Fire spread: For building attached photovoltaics, there are cavities between the module and the building. If there is a fire in this cavity, the produced heat could be trapped, which could lead to a more rapid and extensive fire spread than if the building surface were uncovered. In large scale tests with PV modules mounted on a roof covering, the fire spread under the whole area covered with modules, but stopped when approaching the edge. This demonstrates the importance of sectioning when mounting PV installations, to avoid fire spread to the whole roof. An option is to use materials with limited combustibility as roof covering below the PV module, to withstand the increased heat exposure from the PV modules. The cavity between module and building could potentially also alter the air flow along the building, which in turn could affect the fire spread.

    Firefighting: Firefighters need information on whether there is a PV installation in the building, and where there are electrical components. During firefighting efforts, the fire service must consider the danger of direct contact, and danger of arcs and other faults that could lead to new ignition points. Fresh water can be used as an extinguishing agent. This must be applied from at least 1 meter distance with spread beam and at least 5 meters distance with a focused beam. PV modules can complicate fire extinguishing as they represent a physical barrier between the fire fighter and the area to extinguish, and by creating areas which should be avoided due to danger of components with voltage. When these points are considered, building attached photovoltaics should not be a problem.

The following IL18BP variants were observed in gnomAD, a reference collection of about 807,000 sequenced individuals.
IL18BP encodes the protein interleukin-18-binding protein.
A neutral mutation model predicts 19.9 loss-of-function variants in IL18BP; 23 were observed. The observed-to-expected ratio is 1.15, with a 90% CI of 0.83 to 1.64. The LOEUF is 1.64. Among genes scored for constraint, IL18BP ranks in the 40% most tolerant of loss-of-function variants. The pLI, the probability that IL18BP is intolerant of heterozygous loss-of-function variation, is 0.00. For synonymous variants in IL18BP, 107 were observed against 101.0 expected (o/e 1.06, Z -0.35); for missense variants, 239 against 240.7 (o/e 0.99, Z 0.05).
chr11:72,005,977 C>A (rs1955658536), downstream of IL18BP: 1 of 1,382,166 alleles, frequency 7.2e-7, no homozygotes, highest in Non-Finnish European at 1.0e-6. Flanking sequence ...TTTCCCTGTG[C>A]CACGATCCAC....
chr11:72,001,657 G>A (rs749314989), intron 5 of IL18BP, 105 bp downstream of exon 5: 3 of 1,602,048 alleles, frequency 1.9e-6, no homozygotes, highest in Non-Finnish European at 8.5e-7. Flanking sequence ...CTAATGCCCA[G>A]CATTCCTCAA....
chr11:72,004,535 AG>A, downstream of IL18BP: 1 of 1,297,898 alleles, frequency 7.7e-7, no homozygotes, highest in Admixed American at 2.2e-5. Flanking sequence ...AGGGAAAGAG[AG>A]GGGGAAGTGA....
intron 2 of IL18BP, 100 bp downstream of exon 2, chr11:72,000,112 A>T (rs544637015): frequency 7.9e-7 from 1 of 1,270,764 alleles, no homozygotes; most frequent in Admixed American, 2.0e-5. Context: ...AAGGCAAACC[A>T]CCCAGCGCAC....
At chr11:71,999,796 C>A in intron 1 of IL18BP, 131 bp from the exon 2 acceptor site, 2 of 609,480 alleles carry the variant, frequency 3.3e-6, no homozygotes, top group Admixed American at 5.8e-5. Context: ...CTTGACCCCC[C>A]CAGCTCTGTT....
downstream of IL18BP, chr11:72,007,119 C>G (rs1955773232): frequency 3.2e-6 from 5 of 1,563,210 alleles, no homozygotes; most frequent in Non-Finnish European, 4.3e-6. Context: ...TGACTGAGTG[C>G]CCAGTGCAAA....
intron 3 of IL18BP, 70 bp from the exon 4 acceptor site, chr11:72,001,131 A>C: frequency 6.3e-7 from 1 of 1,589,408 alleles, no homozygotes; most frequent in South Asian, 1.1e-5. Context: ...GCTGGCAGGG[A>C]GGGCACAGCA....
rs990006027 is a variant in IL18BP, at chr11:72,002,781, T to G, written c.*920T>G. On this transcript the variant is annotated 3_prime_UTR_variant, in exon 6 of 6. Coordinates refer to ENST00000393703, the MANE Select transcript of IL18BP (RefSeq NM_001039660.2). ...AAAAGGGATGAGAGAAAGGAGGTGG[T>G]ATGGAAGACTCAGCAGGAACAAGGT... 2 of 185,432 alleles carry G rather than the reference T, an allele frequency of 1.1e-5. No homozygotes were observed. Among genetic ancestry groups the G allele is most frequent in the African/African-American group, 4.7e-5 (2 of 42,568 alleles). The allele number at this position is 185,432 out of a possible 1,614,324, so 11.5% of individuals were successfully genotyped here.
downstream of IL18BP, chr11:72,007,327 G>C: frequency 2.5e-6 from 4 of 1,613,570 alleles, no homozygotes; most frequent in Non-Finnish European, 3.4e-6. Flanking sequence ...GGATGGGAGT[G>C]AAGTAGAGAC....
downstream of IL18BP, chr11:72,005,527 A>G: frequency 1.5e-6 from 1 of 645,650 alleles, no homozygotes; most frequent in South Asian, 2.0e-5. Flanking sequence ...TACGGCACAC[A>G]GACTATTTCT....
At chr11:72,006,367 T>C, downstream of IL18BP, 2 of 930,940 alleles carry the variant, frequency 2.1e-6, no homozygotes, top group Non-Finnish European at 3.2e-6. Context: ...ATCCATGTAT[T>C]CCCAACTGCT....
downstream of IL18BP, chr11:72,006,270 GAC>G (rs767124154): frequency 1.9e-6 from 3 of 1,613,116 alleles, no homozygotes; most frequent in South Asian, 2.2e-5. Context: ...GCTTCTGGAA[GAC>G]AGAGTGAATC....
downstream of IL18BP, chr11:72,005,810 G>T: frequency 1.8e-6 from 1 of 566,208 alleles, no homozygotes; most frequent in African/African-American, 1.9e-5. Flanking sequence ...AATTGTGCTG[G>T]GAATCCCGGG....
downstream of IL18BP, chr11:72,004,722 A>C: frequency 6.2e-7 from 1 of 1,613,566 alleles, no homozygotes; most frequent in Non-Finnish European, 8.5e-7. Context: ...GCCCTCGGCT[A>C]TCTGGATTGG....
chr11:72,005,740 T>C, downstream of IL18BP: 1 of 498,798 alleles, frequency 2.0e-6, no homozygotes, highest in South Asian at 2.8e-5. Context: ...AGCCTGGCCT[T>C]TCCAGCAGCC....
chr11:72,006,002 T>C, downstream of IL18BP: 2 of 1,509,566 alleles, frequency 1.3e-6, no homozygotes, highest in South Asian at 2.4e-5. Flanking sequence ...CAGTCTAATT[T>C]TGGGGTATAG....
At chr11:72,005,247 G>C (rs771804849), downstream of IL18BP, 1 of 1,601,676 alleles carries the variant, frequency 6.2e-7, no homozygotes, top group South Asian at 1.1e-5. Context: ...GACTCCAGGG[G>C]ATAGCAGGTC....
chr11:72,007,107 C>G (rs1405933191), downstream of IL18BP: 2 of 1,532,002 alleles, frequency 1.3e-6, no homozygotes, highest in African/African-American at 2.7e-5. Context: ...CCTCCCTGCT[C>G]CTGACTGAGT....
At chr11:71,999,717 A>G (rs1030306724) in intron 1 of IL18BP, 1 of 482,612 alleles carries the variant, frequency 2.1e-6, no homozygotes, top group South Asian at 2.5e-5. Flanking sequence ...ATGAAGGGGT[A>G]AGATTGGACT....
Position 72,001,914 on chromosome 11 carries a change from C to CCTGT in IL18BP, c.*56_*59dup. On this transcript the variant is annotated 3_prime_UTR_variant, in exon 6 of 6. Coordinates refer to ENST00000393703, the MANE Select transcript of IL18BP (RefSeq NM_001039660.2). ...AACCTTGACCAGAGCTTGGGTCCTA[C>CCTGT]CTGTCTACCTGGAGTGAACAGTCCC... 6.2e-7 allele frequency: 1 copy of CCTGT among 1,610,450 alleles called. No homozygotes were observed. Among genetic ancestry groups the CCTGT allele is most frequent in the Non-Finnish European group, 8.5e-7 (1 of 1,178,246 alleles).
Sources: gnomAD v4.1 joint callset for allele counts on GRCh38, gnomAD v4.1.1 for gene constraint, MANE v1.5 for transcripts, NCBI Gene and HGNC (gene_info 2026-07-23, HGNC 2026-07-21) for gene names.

Further work: For building attached photovoltaics, there is little research on vertical mounting (on facades), and on how changed fire dynamics could affect fire spread and extinguishing. Also, today there is an increasing use of building integrated photovoltaics, which could potentially give many new challenges for fire safety and for regulations, as these are a part of the building and at the same time electrical components. German statistics indicate that there is an increased fire risk for these types of installations, compared to building attached photovoltaics, making this an important focus area for further work.

  • 5.
    Zackrisson, Mats
    RISE - Research Institutes of Sweden, Swerea, Swerea IVF, Energi och miljö.
    Indikatorer för bedömning av miljöpåverkan2014Report (Other academic)